indeed plesiomorphic (although it is worth noting that
ventral plates are at present known solely from chas-
mataspidids; furthermore, chelate prosomal append-
ages are known from Offacolus kingi and xiphosurids
but are demonstrably absent from synziphosurines
when the appendages are preserved and so it appears
that this character has evolved more than once within
Chelicerata). A metastoma and genital appendage
may yet be shown to be present in Chasmataspis,
and if undescribed Cambrian resting traces figured
in Dunlop et al. (2004) are indeed produced by a
Chasmataspis-like animal then it clearly possessed
opercula at a minimum. Given the current evidence it
seems most likely that chasmataspidids also repre-
sent a monophyletic group defined by the possession
of a four-segmented buckler with ventral plate (the
two characters almost certainly being linked).
Other previously unconsidered characters may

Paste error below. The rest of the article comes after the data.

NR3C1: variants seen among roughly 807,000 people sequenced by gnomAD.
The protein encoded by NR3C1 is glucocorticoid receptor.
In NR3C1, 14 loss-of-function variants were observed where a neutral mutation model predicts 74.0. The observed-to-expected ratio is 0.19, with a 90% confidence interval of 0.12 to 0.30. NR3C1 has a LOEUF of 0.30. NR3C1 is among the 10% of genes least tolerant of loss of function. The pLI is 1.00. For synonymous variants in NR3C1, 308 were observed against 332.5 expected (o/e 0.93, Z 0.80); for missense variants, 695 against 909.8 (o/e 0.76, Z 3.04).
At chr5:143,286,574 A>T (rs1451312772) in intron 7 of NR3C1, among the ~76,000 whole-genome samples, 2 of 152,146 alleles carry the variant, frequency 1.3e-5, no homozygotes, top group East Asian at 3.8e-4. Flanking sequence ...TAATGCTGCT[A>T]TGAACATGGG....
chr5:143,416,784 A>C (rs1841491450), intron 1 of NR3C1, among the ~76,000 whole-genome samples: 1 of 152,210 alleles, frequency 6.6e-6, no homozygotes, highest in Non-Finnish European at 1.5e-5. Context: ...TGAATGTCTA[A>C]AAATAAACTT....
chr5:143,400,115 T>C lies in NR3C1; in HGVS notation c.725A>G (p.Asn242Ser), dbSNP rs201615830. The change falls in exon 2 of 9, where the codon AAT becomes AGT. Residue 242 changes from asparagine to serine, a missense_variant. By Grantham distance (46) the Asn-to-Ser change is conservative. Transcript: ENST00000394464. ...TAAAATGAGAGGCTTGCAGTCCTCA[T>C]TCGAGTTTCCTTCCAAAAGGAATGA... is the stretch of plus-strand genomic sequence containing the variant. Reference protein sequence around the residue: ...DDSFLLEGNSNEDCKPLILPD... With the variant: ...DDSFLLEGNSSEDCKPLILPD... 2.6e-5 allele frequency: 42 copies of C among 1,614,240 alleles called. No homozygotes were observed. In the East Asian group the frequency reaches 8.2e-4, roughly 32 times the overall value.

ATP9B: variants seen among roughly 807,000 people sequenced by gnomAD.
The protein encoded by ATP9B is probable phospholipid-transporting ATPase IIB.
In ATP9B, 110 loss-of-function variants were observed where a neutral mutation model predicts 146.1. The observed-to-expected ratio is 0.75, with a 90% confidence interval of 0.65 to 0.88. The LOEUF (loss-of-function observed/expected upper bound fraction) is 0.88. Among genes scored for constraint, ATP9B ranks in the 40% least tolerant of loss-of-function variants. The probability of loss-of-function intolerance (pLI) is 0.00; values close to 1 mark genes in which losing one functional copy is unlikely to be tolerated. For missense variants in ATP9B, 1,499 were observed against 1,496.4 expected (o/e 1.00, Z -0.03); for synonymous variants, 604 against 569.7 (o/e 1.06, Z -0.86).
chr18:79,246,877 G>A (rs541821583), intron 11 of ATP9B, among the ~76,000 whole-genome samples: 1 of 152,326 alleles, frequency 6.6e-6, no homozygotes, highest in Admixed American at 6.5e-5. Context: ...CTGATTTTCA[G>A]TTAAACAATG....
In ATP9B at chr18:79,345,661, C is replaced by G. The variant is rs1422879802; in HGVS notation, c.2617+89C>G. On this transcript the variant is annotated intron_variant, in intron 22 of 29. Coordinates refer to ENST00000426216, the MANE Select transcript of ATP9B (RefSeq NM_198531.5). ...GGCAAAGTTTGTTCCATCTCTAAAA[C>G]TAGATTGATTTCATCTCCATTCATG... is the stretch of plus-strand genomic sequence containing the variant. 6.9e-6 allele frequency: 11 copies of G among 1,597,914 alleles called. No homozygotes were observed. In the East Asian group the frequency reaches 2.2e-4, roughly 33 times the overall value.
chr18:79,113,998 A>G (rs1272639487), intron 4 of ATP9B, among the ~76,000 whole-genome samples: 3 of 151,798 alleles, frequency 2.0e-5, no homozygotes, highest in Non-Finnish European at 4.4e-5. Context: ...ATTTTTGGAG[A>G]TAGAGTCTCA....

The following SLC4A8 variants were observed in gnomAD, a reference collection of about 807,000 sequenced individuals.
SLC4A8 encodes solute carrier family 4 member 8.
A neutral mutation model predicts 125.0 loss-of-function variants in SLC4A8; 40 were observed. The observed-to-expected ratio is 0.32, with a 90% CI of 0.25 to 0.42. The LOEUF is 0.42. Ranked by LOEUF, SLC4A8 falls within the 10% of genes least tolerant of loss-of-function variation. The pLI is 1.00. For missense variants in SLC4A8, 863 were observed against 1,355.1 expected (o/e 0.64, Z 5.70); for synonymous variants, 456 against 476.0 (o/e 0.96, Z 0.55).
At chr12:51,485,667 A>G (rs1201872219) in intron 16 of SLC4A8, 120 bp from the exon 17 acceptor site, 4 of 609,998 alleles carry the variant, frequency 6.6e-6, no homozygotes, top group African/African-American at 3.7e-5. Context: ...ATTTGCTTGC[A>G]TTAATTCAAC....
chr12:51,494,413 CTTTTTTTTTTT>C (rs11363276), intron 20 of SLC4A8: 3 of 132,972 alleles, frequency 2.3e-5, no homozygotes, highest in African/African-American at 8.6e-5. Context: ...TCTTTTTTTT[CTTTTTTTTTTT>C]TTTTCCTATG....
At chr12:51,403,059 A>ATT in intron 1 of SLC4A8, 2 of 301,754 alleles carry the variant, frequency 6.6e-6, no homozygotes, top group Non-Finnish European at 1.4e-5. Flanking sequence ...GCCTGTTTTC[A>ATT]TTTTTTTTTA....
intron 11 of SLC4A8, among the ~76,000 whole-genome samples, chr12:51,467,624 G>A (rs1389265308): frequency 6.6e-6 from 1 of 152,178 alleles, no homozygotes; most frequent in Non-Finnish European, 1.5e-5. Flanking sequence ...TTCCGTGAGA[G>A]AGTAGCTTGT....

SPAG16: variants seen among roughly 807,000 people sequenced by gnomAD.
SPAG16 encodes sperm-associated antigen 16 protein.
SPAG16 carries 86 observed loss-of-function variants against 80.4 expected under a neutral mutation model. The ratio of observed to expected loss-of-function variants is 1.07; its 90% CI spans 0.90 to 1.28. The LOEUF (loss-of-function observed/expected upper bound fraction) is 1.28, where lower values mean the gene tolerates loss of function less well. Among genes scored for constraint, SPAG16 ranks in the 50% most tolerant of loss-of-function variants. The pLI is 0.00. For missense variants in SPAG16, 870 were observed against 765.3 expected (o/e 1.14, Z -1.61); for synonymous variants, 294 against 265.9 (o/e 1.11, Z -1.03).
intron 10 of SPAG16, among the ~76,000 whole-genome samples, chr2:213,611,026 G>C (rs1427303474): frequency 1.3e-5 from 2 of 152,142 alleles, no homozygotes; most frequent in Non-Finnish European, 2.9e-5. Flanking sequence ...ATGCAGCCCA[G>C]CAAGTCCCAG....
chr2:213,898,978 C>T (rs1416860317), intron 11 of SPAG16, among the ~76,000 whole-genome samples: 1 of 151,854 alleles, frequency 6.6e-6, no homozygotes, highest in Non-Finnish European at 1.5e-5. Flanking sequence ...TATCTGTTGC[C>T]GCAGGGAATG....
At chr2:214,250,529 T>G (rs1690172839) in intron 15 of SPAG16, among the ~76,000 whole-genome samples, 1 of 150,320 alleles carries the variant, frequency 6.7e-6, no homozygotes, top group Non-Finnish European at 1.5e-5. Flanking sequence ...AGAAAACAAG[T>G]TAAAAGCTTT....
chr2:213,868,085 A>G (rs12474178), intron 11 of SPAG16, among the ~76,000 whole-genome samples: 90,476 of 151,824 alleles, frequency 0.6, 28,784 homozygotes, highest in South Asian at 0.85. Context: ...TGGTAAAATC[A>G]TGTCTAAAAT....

serve to define a monophyletic Xiphosura. Opisthoso-
mal segment count is a tempting character, especially
given that an opisthosomal segment count of 13 is
consistent across chasmataspidids, eurypterids, and
scorpions, probably constituting the arachnid ground
plan (Dunlop & Webster, 1999). This results in a total
post-ocular (all segments except the protocerebral
region) somite count of 19. Many arachnids, however,
including Pantetrapulmonata, exhibit only 18 somites
(Shultz, 2007) but this could potentially be accounted
for by the complete suppression of somite VII. The
ground pattern for Xiphosura (and potentially Euche-
licerata) most likely comprises 11 opisthosomal seg-
ments, or 17 somites in total (Fig. 6) as evidenced by
a number of fossil taxa and the fact that the neural
ganglia for 17 somites are still identifiable in Limulus
Müller, 1785 (Scholl, 1977). In terms of unfused seg-
ments, Legrandella Eldredge, 1974 clearly shows 11
segments dorsally (Eldredge, 1974: figs 1, 3) while
Weinbergina shows ten tergites with a small microt-
ergite assumed to be present but recessed beneath
the carapace (Stürmer & Bergström, 1981). However,
Figure 5. Limulus polyphemus Linnaeus, 1758 from the Recent of North America. A, ventral view of opisthosoma
showing opercula. B, dorsal view of opisthosoma with prosoma and telson removed. C, schematic of opisthosoma in dorsal